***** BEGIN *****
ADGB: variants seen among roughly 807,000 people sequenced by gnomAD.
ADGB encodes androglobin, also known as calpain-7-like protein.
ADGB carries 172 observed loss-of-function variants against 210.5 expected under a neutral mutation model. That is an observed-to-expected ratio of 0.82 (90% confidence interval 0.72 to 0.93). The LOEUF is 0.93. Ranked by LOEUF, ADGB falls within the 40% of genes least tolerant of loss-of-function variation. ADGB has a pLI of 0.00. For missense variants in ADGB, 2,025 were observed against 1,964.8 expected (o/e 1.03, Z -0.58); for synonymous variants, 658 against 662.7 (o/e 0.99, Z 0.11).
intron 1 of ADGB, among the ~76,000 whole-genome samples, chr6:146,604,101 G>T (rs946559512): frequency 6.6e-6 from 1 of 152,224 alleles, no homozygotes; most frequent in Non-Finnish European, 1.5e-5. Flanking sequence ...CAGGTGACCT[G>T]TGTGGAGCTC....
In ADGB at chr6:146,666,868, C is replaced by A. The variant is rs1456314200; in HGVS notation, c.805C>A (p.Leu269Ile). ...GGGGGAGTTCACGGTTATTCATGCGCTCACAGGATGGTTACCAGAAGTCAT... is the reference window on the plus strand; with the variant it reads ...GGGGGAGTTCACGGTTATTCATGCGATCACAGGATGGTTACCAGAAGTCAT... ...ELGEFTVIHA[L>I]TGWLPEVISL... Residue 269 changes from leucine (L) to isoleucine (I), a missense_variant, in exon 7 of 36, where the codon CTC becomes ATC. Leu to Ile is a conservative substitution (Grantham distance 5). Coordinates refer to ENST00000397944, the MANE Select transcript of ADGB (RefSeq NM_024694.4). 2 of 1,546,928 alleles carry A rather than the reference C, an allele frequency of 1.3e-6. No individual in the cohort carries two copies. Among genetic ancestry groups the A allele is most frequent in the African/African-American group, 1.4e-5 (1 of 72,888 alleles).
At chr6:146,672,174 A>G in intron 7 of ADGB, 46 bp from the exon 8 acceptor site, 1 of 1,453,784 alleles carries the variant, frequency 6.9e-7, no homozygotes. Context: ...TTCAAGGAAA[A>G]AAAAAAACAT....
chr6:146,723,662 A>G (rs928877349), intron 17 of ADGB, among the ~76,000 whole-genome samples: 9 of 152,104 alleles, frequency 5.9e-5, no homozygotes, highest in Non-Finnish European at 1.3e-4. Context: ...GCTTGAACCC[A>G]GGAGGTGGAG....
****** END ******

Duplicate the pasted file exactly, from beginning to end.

ADGB: variants seen among roughly 807,000 people sequenced by gnomAD.
ADGB encodes androglobin, also known as calpain-7-like protein.
ADGB carries 172 observed loss-of-function variants against 210.5 expected under a neutral mutation model. That is an observed-to-expected ratio of 0.82 (90% confidence interval 0.72 to 0.93). The LOEUF is 0.93. Ranked by LOEUF, ADGB falls within the 40% of genes least tolerant of loss-of-function variation. ADGB has a pLI of 0.00. For missense variants in ADGB, 2,025 were observed against 1,964.8 expected (o/e 1.03, Z -0.58); for synonymous variants, 658 against 662.7 (o/e 0.99, Z 0.11).
intron 1 of ADGB, among the ~76,000 whole-genome samples, chr6:146,604,101 G>T (rs946559512): frequency 6.6e-6 from 1 of 152,224 alleles, no homozygotes; most frequent in Non-Finnish European, 1.5e-5. Flanking sequence ...CAGGTGACCT[G>T]TGTGGAGCTC....
In ADGB at chr6:146,666,868, C is replaced by A. The variant is rs1456314200; in HGVS notation, c.805C>A (p.Leu269Ile). ...GGGGGAGTTCACGGTTATTCATGCGCTCACAGGATGGTTACCAGAAGTCAT... is the reference window on the plus strand; with the variant it reads ...GGGGGAGTTCACGGTTATTCATGCGATCACAGGATGGTTACCAGAAGTCAT... ...ELGEFTVIHA[L>I]TGWLPEVISL... Residue 269 changes from leucine (L) to isoleucine (I), a missense_variant, in exon 7 of 36, where the codon CTC becomes ATC. Leu to Ile is a conservative substitution (Grantham distance 5). Coordinates refer to ENST00000397944, the MANE Select transcript of ADGB (RefSeq NM_024694.4). 2 of 1,546,928 alleles carry A rather than the reference C, an allele frequency of 1.3e-6. No individual in the cohort carries two copies. Among genetic ancestry groups the A allele is most frequent in the African/African-American group, 1.4e-5 (1 of 72,888 alleles).
At chr6:146,672,174 A>G in intron 7 of ADGB, 46 bp from the exon 8 acceptor site, 1 of 1,453,784 alleles carries the variant, frequency 6.9e-7, no homozygotes. Context: ...TTCAAGGAAA[A>G]AAAAAAACAT....
chr6:146,723,662 A>G (rs928877349), intron 17 of ADGB, among the ~76,000 whole-genome samples: 9 of 152,104 alleles, frequency 5.9e-5, no homozygotes, highest in Non-Finnish European at 1.3e-4. Context: ...GCTTGAACCC[A>G]GGAGGTGGAG....